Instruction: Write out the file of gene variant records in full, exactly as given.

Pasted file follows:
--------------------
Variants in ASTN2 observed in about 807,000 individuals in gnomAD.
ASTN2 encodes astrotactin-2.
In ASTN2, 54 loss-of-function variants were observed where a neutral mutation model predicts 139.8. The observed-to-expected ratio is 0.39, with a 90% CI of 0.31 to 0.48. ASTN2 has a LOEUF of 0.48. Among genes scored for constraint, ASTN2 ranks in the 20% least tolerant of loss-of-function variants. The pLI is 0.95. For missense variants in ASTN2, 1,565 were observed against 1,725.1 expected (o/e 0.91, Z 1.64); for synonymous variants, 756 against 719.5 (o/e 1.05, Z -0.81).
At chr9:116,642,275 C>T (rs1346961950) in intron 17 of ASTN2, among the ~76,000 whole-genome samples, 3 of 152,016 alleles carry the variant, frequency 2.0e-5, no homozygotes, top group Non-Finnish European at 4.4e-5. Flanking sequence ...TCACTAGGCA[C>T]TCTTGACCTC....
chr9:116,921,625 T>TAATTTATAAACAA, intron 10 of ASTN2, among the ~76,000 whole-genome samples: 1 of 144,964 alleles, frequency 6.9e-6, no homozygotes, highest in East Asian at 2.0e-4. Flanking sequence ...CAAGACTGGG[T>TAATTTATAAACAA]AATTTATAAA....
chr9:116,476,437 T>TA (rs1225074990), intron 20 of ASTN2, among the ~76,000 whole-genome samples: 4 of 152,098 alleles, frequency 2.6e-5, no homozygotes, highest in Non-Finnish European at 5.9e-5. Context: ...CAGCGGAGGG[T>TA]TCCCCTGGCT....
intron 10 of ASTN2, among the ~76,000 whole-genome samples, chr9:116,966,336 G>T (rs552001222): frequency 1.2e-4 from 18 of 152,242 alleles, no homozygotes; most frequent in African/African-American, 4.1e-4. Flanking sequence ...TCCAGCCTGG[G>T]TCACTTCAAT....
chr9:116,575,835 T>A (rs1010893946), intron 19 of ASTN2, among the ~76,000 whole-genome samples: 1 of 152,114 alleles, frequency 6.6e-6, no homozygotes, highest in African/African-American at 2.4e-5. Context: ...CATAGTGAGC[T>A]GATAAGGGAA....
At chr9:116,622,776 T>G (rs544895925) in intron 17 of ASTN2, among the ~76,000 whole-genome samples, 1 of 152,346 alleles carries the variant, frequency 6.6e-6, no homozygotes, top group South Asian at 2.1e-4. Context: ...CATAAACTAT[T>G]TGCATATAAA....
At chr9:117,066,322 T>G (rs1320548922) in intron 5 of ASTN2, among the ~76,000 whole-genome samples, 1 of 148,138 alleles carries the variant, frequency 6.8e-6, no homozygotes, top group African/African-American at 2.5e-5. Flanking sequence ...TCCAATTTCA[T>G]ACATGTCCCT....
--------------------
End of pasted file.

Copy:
Variants in ASTN2 observed in about 807,000 individuals in gnomAD.
ASTN2 encodes astrotactin-2.
In ASTN2, 54 loss-of-function variants were observed where a neutral mutation model predicts 139.8. The observed-to-expected ratio is 0.39, with a 90% CI of 0.31 to 0.48. ASTN2 has a LOEUF of 0.48. Among genes scored for constraint, ASTN2 ranks in the 20% least tolerant of loss-of-function variants. The pLI is 0.95. For missense variants in ASTN2, 1,565 were observed against 1,725.1 expected (o/e 0.91, Z 1.64); for synonymous variants, 756 against 719.5 (o/e 1.05, Z -0.81).
At chr9:116,642,275 C>T (rs1346961950) in intron 17 of ASTN2, among the ~76,000 whole-genome samples, 3 of 152,016 alleles carry the variant, frequency 2.0e-5, no homozygotes, top group Non-Finnish European at 4.4e-5. Flanking sequence ...TCACTAGGCA[C>T]TCTTGACCTC....
chr9:116,921,625 T>TAATTTATAAACAA, intron 10 of ASTN2, among the ~76,000 whole-genome samples: 1 of 144,964 alleles, frequency 6.9e-6, no homozygotes, highest in East Asian at 2.0e-4. Flanking sequence ...CAAGACTGGG[T>TAATTTATAAACAA]AATTTATAAA....
chr9:116,476,437 T>TA (rs1225074990), intron 20 of ASTN2, among the ~76,000 whole-genome samples: 4 of 152,098 alleles, frequency 2.6e-5, no homozygotes, highest in Non-Finnish European at 5.9e-5. Context: ...CAGCGGAGGG[T>TA]TCCCCTGGCT....
intron 10 of ASTN2, among the ~76,000 whole-genome samples, chr9:116,966,336 G>T (rs552001222): frequency 1.2e-4 from 18 of 152,242 alleles, no homozygotes; most frequent in African/African-American, 4.1e-4. Flanking sequence ...TCCAGCCTGG[G>T]TCACTTCAAT....
chr9:116,575,835 T>A (rs1010893946), intron 19 of ASTN2, among the ~76,000 whole-genome samples: 1 of 152,114 alleles, frequency 6.6e-6, no homozygotes, highest in African/African-American at 2.4e-5. Context: ...CATAGTGAGC[T>A]GATAAGGGAA....
At chr9:116,622,776 T>G (rs544895925) in intron 17 of ASTN2, among the ~76,000 whole-genome samples, 1 of 152,346 alleles carries the variant, frequency 6.6e-6, no homozygotes, top group South Asian at 2.1e-4. Context: ...CATAAACTAT[T>G]TGCATATAAA....
At chr9:117,066,322 T>G (rs1320548922) in intron 5 of ASTN2, among the ~76,000 whole-genome samples, 1 of 148,138 alleles carries the variant, frequency 6.8e-6, no homozygotes, top group African/African-American at 2.5e-5. Flanking sequence ...TCCAATTTCA[T>G]ACATGTCCCT....